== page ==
The search for hydrocarbons in tight reservoirs has become an integral part of the portfolio for oil and gas companies these days. Predicting reservoir quality indicators from tight facies such as organic-rich shales, tight oil carbonates, tight sands, and coal seams is a complex challenge demanding a multi-disciplinary effort. By following an integrated geosciences approach, the prediction of facies heterogeneity, pore fill distribution, porosity types, and pressure/stress conditions provides optimal results generating reservoir quality indicators and combining conceptual elements from petrophysics, rock physics, petroleum geology, geomechanics, and geophysical analysis.

Based on best practices developed on tight reservoirs around the globe over the years, robust elastic and mechanical rock property end-member models have been widely applied to predict reservoir quality and reservoir performance at well locations, and more importantly, away from wells. These models, based on regional core measurements and integrated elastomechanical earth models, and supported by regional petroleum systems, are validated and calibrated to reliably predict the seismic response from reservoir facies with the highest expected quality (e.g., high-TOC, high-porosity, dolomite-rich, brittle facies.)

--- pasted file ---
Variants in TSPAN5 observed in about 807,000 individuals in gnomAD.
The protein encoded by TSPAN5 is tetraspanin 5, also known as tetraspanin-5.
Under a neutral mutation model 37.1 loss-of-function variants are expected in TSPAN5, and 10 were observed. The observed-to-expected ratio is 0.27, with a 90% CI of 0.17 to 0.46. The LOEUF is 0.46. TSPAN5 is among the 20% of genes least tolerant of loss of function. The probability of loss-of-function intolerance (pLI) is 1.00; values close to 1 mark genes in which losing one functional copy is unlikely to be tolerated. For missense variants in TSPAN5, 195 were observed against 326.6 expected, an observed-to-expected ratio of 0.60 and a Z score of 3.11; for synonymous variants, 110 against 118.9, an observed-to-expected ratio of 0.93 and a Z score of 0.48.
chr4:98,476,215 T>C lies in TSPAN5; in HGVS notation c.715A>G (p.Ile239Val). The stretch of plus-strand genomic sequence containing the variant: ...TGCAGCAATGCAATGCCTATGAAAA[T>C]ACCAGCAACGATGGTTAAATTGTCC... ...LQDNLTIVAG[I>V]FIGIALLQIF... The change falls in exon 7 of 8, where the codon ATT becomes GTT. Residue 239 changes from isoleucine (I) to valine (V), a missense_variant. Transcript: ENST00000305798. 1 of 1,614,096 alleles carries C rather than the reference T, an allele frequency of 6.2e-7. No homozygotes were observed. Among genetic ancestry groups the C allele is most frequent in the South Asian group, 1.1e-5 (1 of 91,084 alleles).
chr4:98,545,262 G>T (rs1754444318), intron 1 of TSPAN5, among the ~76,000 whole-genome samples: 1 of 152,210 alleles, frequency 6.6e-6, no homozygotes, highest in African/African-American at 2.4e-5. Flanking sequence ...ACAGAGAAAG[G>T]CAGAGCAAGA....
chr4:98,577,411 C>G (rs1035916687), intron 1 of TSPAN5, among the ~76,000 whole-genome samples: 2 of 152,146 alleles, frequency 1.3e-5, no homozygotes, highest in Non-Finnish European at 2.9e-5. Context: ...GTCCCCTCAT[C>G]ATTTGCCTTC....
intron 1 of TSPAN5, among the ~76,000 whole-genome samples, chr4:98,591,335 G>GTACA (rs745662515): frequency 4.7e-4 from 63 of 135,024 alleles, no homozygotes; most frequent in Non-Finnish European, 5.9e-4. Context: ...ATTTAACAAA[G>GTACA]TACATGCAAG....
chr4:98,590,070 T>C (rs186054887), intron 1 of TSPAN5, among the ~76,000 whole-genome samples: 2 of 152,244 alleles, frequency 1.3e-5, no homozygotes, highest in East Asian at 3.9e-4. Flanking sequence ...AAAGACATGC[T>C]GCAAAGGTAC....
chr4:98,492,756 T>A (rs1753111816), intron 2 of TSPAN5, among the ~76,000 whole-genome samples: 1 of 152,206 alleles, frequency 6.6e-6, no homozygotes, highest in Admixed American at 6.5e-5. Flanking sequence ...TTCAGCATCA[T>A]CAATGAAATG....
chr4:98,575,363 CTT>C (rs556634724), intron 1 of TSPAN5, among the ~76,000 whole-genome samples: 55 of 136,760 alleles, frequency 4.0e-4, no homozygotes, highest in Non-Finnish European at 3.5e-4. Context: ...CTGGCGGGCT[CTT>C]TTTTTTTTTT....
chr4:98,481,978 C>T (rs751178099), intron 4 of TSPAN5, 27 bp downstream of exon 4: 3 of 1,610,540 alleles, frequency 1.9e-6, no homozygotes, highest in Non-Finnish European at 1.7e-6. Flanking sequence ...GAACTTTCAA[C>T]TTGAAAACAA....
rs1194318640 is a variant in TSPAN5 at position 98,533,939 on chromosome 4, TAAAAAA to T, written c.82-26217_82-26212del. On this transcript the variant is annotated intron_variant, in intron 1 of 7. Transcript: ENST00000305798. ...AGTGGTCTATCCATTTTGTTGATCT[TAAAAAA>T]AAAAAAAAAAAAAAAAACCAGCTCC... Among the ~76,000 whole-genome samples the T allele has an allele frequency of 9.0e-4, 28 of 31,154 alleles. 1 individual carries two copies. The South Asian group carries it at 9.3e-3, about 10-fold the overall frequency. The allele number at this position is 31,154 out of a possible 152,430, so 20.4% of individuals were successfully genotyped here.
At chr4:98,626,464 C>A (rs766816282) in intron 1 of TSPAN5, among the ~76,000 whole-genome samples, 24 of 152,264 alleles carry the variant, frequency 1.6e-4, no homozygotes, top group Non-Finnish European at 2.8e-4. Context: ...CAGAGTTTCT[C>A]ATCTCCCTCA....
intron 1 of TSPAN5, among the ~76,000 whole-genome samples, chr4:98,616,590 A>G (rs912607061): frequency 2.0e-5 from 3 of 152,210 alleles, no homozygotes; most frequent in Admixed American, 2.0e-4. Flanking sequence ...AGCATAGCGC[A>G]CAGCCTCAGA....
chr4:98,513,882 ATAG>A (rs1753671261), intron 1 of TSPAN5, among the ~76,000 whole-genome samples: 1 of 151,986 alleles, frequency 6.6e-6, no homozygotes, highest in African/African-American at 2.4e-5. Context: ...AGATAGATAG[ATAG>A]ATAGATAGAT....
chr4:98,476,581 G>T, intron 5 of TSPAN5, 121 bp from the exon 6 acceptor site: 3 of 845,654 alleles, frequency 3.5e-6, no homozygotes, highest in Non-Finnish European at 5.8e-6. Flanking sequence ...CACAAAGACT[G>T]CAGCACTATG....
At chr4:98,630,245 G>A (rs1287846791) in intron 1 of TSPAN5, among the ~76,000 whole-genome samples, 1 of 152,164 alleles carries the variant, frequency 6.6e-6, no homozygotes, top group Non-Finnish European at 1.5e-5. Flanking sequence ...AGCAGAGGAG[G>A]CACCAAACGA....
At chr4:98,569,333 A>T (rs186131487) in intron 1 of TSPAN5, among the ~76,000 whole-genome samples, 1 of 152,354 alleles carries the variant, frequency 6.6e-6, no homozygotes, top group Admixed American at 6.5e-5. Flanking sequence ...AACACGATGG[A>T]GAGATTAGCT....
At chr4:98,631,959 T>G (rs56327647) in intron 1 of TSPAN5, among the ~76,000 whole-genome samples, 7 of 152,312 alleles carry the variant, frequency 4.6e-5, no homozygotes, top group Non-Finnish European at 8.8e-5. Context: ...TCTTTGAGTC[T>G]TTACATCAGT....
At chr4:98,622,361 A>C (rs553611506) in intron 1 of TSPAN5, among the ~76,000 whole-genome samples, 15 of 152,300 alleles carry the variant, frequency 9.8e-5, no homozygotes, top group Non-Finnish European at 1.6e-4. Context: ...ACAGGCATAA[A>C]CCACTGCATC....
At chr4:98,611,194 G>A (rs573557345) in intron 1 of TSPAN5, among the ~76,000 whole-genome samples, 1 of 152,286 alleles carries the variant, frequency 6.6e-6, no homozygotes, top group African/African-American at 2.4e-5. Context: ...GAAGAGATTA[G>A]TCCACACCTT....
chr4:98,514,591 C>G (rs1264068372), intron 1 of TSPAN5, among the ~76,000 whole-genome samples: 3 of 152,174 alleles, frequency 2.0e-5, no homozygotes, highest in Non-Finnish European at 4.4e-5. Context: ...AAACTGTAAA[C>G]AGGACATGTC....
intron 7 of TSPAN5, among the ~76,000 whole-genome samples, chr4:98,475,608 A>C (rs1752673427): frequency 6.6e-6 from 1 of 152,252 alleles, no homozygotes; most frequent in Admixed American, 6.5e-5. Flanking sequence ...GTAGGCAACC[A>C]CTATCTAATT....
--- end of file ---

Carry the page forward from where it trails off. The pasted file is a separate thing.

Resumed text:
About the Author(s)

Cristian Malaver is vice president of quantitative interpretation at Ikon Science Americas. He is a geophysical engineer with more than 20 years of experience in integrating geosciences best practices for hydrocarbon exploration, development, and production around the globe. His main areas of expertise have involved technology development and technical management in unconventional rock physics, reservoir geophysics, and quantitative interpretation while working for BHP Billiton, CEPSA, ADCO, EP Energy, and Occidental. Formerly, he worked in project management and field supervisory roles for geophysical and geological operations for ConocoPhillips and GAPS. Cristian holds masters degrees in geophysical engineering and seismic engineering from Colorado School of Mines and Universidad de los Andes respectively.



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